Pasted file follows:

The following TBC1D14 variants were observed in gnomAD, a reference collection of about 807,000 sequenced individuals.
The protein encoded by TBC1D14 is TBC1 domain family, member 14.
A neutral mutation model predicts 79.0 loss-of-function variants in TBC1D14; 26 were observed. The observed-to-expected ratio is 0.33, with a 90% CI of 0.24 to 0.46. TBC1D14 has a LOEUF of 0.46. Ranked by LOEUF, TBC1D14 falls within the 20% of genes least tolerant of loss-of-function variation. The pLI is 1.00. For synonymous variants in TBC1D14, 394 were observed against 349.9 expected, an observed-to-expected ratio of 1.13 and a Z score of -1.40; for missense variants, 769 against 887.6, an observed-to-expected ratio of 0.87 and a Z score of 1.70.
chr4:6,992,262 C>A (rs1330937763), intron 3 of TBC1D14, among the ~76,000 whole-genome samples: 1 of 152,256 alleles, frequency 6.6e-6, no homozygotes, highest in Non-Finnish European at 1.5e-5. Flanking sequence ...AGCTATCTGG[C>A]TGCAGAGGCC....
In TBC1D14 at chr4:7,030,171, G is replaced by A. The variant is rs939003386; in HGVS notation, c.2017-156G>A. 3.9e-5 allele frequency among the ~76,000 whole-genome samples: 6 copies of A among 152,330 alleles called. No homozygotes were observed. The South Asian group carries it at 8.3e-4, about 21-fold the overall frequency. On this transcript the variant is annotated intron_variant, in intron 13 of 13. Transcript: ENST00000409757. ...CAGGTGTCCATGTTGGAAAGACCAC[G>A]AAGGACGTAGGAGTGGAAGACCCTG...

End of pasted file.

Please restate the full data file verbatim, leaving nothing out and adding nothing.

The following TBC1D14 variants were observed in gnomAD, a reference collection of about 807,000 sequenced individuals.
The protein encoded by TBC1D14 is TBC1 domain family, member 14.
A neutral mutation model predicts 79.0 loss-of-function variants in TBC1D14; 26 were observed. The observed-to-expected ratio is 0.33, with a 90% CI of 0.24 to 0.46. TBC1D14 has a LOEUF of 0.46. Ranked by LOEUF, TBC1D14 falls within the 20% of genes least tolerant of loss-of-function variation. The pLI is 1.00. For synonymous variants in TBC1D14, 394 were observed against 349.9 expected, an observed-to-expected ratio of 1.13 and a Z score of -1.40; for missense variants, 769 against 887.6, an observed-to-expected ratio of 0.87 and a Z score of 1.70.
chr4:6,992,262 C>A (rs1330937763), intron 3 of TBC1D14, among the ~76,000 whole-genome samples: 1 of 152,256 alleles, frequency 6.6e-6, no homozygotes, highest in Non-Finnish European at 1.5e-5. Flanking sequence ...AGCTATCTGG[C>A]TGCAGAGGCC....
In TBC1D14 at chr4:7,030,171, G is replaced by A. The variant is rs939003386; in HGVS notation, c.2017-156G>A. 3.9e-5 allele frequency among the ~76,000 whole-genome samples: 6 copies of A among 152,330 alleles called. No homozygotes were observed. The South Asian group carries it at 8.3e-4, about 21-fold the overall frequency. On this transcript the variant is annotated intron_variant, in intron 13 of 13. Transcript: ENST00000409757. ...CAGGTGTCCATGTTGGAAAGACCAC[G>A]AAGGACGTAGGAGTGGAAGACCCTG...